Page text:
Swedish strength

Volvo CE celebrated its presence with the unveiling of the 90t EC950E hydraulic crawler excavator — the largest hydraulic crawler excavator it has made.

“I’m very pleased to say that on the first day of the show, we were taking orders on this,” said Martin Weissburg, president of Volvo CE, about the EC950E.

“It’s the best in class, driving the best total cost of ownership for our customers in terms of cost per tonne moved. It’s meeting demand and strengthening our support for customers in the mining, quarrying and heavy construction segment. No matter where we are in the business cycle, Volvo Group and Volvo CE invest in being industry leaders and driving innovation.”

Volvo CE’s 55t-capacity A60H — the largest production hauler the company has ever made —was also said by Weissburg to be meeting growing customer demand for articulated haulers with larger capacities. He also noted how Volvo CE had been advanced its compact lines now enjoying growing demand.

Weissburg also highlighted Volvo’s electric quarry site project run in partnership with Skanska, the Swedish Energy Agency, and two universities.

“It’s a development project to electrify the operation of a quarry,” he exclaimed. “It could reduce the environmental impact, but also improve the operational efficiency — making quarrying more profitable.”

In all, Volvo launched 16 products at the show, along with a new generation of machine control systems. It simultaneously announced integration agreements with technology firms Trimble and Topcon, and launched an on-board display, Co-Pilot — a tablet-based system to deliver a intelligent machine services, such as Load Assist, Dig Assist, Compact Assist and Pave Assist.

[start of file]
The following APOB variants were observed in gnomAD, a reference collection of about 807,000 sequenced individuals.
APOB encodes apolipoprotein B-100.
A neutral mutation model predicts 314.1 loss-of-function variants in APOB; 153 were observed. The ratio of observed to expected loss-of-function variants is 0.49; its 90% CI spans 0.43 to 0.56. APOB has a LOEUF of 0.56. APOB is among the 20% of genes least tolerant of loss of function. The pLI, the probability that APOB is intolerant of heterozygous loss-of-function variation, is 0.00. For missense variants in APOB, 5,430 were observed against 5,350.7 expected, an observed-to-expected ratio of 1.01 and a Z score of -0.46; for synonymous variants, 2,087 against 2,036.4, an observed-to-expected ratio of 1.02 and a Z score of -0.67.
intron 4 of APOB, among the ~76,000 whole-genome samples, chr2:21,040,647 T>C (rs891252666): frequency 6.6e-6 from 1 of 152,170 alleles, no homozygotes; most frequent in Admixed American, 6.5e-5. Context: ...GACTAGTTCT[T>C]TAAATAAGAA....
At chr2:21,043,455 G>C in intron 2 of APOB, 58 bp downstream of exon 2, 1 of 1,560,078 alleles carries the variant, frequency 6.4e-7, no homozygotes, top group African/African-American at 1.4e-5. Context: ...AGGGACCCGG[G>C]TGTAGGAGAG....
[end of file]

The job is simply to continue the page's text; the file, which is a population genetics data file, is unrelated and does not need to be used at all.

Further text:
During the Construction Climate Challenge (CCC) seminar hosted by Volvo CE, the manufacturer also announced its election to the corporate advisory board of the World Green Building Council — to help influence decision-making and develop strategies for environmentally friendly building methods through the organisation’s network across 75 countries and 27,000 industry affiliates.

All up in the air

Terex’s Bauma was in many ways a homage to its legacy brands, celebrating 50 years of the Genie and Powerscreen brands, and the reintroduction of the Demag brand to its all-terrain and lattice crawler crane lines.

Ken Lousberg, president of Terex Cranes, highlighted: “In the last 24 months alone, our crane business has introduced 10 new machines, developed product innovations, improved its manufacturing processes, and enhanced aftermarket parts and service by adding stations around the world.”